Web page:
Virgin Australia will sack 3000 employees, or around a third of its workforce, and offload its long-haul international jets as part of a re-launch under its new owner Bain Capital.
Australia's number two airline, which went into voluntary administration in April owing $6.8 billion, released its relaunch plan on Wednesday morning. The moves were designed to make it a "stronger, more profitable and competitive" carrier, it said in a statement.
Virgin's new owners said the plans would make it a "stronger, more profitable and competitive" carrier.Credit:James Alcock
Virgin said it will strip its fleet of 132 aircraft back to just its Boeing 737s, of which it has 79, and its regional and charter Fokker 100s and Airbus A320s. It will offload its long-haul Boeing 777s and Airbus A330s, Tigerair A320 and ATR turboprops.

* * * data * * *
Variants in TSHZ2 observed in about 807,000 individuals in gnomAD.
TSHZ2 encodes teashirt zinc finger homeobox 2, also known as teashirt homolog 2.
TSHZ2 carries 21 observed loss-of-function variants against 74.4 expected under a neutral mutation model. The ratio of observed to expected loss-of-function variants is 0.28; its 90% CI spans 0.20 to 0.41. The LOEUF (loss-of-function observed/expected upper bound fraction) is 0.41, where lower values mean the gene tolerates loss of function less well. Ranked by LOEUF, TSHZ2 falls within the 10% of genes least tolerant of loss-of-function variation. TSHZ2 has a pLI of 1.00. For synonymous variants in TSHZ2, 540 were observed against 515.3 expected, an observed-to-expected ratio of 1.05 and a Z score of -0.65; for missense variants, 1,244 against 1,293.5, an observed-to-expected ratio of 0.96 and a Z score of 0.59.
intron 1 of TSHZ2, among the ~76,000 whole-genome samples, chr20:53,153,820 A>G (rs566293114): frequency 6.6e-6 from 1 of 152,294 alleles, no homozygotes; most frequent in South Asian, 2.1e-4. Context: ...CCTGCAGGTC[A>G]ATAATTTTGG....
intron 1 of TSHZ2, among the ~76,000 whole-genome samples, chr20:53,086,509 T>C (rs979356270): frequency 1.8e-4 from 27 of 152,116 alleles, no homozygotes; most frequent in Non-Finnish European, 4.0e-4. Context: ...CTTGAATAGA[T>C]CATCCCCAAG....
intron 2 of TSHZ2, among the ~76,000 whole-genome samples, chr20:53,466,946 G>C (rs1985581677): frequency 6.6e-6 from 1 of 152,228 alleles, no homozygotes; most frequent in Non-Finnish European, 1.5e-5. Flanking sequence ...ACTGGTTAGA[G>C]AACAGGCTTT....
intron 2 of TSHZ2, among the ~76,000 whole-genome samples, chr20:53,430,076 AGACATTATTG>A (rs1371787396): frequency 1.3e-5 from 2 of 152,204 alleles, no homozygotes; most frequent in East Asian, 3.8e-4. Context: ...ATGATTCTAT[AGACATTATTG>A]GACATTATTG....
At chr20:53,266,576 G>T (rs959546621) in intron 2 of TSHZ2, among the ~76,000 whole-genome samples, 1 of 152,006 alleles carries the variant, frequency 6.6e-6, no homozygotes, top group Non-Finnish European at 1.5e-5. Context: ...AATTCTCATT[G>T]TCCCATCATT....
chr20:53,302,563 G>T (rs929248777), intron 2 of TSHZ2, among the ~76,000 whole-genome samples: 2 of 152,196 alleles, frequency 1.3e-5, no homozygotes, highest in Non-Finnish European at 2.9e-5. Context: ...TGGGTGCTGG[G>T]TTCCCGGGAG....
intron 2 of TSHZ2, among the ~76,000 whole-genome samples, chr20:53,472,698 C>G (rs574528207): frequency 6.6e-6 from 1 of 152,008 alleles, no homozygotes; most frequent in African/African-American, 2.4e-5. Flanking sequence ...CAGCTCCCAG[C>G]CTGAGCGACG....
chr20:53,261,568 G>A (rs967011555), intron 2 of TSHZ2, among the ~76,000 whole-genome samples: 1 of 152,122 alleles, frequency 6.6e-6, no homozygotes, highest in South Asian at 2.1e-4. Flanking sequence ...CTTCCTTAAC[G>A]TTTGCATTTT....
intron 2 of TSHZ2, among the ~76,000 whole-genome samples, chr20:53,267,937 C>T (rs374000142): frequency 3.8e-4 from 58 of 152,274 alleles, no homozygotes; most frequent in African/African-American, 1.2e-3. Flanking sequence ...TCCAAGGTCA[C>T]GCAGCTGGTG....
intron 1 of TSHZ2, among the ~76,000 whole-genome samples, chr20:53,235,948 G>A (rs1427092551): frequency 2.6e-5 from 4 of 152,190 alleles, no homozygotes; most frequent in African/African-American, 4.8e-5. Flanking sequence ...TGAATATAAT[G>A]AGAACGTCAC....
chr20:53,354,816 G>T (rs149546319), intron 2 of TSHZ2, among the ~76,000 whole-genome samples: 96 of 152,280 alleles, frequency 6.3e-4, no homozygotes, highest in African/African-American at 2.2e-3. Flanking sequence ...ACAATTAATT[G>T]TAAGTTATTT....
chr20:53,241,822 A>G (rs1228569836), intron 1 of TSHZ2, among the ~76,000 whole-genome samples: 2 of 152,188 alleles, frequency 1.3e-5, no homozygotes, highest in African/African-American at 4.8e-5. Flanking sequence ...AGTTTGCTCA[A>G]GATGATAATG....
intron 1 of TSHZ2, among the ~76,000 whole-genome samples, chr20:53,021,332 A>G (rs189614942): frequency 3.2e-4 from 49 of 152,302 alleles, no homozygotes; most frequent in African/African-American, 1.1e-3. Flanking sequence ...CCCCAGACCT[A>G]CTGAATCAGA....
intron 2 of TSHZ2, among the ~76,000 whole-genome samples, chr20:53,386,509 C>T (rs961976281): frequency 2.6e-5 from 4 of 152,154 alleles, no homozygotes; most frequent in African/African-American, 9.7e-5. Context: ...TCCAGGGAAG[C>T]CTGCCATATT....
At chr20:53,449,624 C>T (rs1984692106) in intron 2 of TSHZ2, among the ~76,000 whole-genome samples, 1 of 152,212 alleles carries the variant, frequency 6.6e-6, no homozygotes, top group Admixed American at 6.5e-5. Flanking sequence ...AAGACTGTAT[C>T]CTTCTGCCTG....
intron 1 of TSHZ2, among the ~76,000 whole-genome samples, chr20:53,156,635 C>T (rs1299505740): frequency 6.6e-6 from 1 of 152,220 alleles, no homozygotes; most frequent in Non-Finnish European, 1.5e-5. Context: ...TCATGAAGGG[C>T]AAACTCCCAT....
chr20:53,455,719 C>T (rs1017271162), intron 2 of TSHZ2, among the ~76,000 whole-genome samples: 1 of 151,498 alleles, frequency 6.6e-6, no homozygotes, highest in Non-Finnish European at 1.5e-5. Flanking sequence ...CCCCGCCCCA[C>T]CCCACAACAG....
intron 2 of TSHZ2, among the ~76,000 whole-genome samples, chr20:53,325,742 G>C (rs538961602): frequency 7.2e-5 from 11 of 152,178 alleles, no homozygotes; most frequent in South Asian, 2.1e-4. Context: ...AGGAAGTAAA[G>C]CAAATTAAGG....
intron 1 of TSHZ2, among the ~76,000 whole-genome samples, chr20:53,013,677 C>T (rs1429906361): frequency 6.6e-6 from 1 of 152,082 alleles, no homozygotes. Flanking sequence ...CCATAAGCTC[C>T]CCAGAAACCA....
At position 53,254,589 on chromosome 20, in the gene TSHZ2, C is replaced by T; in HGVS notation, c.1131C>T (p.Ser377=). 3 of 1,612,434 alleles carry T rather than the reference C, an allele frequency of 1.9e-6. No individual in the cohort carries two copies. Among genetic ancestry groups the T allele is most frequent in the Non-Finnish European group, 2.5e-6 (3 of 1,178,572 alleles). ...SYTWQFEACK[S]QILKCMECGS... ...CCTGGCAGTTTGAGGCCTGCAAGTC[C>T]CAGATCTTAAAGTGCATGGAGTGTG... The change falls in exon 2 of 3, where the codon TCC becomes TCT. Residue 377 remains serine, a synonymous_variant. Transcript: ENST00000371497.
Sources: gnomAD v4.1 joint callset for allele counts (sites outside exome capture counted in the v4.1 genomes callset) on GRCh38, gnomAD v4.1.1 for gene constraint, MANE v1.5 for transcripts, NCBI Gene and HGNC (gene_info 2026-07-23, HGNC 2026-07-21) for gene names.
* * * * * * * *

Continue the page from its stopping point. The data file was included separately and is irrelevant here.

Virgin's budget Tigerair brand will be retired but Virgin will maintain its air operating certificate to give it the option of relaunching a new ultra-low cost arm in the future.
While long-haul international flying was an "important part" of the airline's future, such routes would remain suspended until global travel demand recovers from the COVID-19 pandemic, Virgin said.
Virgin's administrator Deloitte signed a deal to sell the airline to US private equity giant Bain in June, but key terms of the deal have been kept secret, including how large the business will be and how much will be paid to unsecured creditors.
More to come
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